I had a medical procedure done this week, one of those “preventive maintenance” tests that should be done every so often – in this case, every ten years – once we reach a certain age. Preparing for it required following a low-fiber diet for five days. I could eat plenty of white bread, rice, and potatoes, but no whole wheat products or high-fiber cereals. Canned fruits and cooked vegetables were okay, but fresh fruits and raw vegetables were not.

This was very unsettling to me. I am not a fanatic when it comes to healthy eating, but I do pay attention to the recommendations and guidelines – and I follow most of them, most of the time. One reason is that heart damage I sustained years ago as a result of chemotherapy forced me to be extremely careful about my diet. Another is simply that I feel better and look better when I’m eating healthier food rather than junk.

Being told to follow a low-fiber diet for five days should have felt good, as I was being given a special dispensation from the “rules” I follow the rest of the time. But it didn’t. Instead, it made me feel nervous and uncomfortable, as if I were engaging in risky behavior that I knew I shouldn’t be doing and that would probably have dire consequences later on. That’s a big exaggeration, I know, but you get the idea.

As I was processing these thoughts and feelings, something new and comforting occurred to me. It was the fact that what I used to think of as restrictions and requirements in my diet were now just part of my everyday life. And it was bothering me not to have them in place, even temporarily and for a very good reason. I was delighted to discover that I not only missed, but actually craved, things like whole wheat bread, oatmeal, apples, and broccoli.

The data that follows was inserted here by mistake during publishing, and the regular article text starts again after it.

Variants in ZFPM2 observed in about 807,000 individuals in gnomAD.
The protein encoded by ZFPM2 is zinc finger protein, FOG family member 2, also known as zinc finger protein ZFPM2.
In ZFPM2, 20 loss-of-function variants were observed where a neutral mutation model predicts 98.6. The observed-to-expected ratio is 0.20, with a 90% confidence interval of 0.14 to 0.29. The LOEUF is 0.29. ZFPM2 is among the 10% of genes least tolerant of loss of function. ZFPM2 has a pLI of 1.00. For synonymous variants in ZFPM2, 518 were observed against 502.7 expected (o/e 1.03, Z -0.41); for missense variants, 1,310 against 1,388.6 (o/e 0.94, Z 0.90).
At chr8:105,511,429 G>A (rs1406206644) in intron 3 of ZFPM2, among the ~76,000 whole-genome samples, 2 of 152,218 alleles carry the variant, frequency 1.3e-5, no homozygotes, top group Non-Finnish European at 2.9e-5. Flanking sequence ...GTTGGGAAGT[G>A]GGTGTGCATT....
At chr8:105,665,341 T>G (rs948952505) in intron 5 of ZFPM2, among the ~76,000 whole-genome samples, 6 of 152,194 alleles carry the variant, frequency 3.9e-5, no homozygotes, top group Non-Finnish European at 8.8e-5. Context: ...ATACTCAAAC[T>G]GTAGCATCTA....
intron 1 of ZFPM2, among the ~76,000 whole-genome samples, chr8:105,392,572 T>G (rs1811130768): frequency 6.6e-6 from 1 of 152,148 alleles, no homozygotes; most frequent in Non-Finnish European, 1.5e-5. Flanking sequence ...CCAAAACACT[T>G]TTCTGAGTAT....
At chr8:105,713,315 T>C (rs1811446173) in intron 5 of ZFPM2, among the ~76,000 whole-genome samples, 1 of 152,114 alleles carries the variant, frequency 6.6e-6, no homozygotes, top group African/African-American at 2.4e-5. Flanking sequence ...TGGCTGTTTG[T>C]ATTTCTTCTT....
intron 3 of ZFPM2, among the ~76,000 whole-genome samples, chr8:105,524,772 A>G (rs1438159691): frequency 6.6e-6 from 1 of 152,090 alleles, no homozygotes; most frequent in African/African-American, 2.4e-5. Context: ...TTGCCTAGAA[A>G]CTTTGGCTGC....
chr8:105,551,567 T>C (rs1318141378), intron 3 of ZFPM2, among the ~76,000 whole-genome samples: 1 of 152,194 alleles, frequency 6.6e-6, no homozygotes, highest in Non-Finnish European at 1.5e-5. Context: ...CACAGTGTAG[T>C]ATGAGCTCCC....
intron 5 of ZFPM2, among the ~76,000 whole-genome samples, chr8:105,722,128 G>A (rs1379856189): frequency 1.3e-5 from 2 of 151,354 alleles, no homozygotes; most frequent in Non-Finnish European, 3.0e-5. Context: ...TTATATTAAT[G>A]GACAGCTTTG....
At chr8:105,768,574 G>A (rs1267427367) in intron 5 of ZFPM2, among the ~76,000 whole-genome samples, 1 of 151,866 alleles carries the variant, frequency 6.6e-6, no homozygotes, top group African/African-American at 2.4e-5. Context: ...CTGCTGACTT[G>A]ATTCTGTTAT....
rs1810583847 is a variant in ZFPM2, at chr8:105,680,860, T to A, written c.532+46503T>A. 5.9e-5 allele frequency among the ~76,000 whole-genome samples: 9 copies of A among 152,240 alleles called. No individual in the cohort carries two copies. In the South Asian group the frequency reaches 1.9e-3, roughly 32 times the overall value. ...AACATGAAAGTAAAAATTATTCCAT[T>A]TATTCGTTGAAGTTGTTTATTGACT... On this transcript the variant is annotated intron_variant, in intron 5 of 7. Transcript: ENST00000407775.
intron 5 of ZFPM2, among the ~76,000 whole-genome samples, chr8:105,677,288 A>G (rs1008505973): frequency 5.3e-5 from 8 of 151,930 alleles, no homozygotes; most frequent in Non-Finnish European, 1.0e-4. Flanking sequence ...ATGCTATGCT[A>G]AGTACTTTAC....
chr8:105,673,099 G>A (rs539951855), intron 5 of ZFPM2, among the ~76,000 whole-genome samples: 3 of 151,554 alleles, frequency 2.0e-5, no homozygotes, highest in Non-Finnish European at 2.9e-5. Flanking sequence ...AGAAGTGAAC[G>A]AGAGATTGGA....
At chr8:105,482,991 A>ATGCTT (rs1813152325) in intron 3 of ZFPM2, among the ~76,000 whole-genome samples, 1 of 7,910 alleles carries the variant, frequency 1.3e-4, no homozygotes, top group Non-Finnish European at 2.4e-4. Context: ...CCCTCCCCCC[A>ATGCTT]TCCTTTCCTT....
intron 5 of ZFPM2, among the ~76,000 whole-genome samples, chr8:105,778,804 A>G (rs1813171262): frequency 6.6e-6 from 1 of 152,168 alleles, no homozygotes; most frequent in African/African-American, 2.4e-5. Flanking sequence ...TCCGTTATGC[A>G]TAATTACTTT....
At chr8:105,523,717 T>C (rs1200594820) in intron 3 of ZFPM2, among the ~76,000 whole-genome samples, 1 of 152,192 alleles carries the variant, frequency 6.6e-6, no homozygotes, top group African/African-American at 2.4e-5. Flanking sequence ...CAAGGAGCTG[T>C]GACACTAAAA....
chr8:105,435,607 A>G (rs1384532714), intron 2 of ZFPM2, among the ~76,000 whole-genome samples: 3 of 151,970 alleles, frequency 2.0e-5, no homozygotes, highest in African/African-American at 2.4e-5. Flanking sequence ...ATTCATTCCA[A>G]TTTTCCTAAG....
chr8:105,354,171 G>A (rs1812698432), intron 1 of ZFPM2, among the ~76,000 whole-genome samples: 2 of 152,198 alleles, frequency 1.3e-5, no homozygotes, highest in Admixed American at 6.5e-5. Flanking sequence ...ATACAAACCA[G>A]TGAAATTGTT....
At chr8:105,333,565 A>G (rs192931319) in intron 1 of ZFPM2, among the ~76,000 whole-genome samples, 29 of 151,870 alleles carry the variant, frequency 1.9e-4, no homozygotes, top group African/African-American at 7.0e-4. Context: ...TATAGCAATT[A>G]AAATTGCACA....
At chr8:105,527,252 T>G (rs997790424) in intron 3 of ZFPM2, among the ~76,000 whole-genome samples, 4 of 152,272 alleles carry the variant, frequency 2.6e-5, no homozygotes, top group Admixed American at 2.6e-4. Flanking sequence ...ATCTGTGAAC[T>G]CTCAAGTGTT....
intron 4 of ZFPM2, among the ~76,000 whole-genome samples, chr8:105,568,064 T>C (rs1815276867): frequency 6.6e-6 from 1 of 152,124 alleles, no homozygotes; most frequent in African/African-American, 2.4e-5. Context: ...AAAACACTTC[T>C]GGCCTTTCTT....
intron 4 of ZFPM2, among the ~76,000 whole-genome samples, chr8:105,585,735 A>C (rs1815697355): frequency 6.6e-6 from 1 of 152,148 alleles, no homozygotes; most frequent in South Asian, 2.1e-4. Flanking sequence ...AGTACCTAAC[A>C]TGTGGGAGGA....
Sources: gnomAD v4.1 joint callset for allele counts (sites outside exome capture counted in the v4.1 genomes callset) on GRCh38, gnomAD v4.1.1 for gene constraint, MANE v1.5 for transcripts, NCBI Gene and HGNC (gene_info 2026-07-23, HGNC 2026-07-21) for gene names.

I don’t want to give anyone the impression that I live on cauliflower and quinoa, and never indulge in a sausage pizza or Big Mac. But what I’m realizing now is that I usually obsess and beat myself up over the times when I eat “the wrong things,” but rarely congratulate myself, or even notice, when I eat the right ones, even though that’s what I do most of the time.

I think many of us are like that, not just with regard to food, but with pretty much everything we do. We focus on our failures and not our successes. The places where we slip up, and not the ones where we shine.

Take a few minutes right now to think about all the good and healthy things you do – with the foods you eat or avoid, and also with the work you do, the habits and routines you practice, and even the way you interact with others. Enjoy the discovery of all the things that you’re good at, that you enjoy, and that make you look and feel terrific. Celebrate them and make sure you never give them up.

Not even for five days, once every ten years.

The column “Find Your Buried Treasure” appears weekly in the Chanhassen (MN) Villager. This column was published on March 26, 2015.
©Betty Liedtke, 2015

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